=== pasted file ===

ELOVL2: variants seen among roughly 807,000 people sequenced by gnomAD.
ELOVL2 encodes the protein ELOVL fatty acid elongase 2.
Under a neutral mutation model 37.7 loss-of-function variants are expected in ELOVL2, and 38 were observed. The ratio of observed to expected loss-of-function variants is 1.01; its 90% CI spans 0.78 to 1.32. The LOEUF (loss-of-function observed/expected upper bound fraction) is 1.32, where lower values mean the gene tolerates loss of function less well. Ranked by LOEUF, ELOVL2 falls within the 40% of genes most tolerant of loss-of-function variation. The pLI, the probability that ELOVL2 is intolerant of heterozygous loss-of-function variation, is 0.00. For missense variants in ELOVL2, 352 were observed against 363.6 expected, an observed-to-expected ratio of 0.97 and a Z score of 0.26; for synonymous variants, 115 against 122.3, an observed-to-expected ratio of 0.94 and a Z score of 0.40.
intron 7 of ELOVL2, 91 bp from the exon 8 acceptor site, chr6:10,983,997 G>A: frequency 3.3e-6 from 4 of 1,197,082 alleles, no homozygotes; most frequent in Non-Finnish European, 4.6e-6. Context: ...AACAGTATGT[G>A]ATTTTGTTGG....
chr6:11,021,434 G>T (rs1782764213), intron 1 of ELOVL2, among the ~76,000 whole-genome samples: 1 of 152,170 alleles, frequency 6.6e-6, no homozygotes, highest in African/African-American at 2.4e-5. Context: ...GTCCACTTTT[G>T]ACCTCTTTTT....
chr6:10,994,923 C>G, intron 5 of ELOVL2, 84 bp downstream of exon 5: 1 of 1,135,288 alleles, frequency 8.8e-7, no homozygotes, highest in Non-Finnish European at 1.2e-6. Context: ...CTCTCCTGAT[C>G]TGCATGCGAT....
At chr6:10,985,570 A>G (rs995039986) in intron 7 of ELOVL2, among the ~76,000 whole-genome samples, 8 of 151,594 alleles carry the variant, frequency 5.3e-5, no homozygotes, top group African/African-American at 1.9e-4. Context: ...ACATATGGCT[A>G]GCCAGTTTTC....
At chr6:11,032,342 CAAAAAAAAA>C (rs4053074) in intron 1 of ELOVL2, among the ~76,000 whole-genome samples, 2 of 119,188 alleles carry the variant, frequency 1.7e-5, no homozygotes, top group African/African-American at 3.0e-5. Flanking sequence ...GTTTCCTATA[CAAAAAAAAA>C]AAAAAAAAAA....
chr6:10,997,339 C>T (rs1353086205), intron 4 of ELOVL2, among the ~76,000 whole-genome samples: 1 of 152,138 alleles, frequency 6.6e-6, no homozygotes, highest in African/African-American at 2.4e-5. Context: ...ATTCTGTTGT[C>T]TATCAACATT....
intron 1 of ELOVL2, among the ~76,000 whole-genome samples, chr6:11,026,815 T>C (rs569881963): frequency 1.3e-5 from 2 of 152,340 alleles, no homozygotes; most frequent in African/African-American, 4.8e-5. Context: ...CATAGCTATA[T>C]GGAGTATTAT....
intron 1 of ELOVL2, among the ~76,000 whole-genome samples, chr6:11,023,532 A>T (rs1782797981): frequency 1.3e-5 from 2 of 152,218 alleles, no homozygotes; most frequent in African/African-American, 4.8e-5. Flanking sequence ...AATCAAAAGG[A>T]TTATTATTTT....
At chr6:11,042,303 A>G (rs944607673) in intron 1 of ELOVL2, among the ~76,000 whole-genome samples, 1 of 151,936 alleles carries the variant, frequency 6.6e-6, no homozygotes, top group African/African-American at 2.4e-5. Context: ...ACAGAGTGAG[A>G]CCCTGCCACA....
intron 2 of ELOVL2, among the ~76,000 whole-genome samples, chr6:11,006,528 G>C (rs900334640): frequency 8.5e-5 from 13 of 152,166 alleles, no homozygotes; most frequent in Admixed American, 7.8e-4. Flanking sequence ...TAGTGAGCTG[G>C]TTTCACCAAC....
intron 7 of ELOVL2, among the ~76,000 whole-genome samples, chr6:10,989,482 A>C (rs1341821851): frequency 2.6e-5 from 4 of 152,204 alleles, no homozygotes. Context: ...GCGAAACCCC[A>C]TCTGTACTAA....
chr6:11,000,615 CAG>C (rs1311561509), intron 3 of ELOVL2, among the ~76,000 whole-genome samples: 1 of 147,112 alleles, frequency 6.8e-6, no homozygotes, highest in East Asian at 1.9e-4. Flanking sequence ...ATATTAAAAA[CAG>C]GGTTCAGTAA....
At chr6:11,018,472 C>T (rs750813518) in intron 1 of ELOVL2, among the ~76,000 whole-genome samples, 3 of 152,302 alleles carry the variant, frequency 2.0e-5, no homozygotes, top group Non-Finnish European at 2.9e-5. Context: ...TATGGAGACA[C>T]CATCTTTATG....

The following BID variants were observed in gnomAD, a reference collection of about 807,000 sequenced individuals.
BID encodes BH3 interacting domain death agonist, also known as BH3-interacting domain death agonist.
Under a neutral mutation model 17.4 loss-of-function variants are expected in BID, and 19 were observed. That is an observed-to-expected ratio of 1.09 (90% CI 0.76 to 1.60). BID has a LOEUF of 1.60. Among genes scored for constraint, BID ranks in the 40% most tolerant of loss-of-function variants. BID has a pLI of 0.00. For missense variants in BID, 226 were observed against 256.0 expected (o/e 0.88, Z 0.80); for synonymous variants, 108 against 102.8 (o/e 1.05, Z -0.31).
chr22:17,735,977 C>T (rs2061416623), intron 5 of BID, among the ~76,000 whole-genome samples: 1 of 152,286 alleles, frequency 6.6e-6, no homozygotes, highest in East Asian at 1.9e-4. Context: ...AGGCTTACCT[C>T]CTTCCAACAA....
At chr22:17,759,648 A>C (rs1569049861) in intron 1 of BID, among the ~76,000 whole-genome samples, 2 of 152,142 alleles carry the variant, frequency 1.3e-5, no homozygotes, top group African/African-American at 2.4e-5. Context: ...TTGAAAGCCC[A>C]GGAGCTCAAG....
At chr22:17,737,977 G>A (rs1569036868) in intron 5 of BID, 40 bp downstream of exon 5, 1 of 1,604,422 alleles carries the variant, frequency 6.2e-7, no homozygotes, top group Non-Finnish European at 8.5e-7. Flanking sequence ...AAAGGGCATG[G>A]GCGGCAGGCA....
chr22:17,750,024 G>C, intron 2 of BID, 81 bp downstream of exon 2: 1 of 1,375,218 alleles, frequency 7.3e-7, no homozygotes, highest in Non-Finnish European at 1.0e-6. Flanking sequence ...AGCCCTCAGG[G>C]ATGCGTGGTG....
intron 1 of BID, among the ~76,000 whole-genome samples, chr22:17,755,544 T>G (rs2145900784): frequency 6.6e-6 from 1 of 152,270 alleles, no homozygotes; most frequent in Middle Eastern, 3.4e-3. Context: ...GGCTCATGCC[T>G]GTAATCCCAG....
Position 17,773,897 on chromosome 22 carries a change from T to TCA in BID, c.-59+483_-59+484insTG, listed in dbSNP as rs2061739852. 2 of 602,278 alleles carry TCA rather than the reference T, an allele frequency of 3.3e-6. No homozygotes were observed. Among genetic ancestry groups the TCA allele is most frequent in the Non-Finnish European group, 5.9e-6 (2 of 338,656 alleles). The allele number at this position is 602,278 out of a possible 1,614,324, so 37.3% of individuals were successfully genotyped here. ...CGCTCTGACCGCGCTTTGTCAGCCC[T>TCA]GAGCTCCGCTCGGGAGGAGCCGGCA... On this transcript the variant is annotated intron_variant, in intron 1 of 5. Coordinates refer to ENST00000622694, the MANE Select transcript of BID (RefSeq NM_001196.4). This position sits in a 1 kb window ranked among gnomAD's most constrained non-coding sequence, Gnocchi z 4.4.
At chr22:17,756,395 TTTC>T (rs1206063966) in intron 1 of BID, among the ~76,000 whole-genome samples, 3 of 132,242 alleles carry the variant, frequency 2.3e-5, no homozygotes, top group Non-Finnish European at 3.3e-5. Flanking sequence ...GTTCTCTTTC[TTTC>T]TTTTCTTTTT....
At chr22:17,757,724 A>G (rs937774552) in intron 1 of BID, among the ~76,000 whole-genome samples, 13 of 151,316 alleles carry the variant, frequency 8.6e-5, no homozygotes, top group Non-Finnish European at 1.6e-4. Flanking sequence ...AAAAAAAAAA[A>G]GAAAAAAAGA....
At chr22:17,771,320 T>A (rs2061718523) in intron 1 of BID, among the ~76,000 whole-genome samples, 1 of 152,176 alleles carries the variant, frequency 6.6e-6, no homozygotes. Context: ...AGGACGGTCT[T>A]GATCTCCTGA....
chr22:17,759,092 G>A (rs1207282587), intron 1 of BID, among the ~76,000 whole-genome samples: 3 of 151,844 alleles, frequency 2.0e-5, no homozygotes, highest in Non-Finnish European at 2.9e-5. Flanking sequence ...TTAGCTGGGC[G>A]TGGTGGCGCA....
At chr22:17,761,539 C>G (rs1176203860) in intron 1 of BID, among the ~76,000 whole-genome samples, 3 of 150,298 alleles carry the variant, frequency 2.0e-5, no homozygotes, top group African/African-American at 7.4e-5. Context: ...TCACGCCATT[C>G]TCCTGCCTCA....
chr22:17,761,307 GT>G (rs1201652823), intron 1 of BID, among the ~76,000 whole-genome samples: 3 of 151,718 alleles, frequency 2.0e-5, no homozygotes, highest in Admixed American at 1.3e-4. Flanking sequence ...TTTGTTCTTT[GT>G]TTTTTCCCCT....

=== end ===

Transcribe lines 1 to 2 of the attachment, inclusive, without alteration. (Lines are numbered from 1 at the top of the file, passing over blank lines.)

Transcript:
ELOVL2: variants seen among roughly 807,000 people sequenced by gnomAD.
ELOVL2 encodes the protein ELOVL fatty acid elongase 2.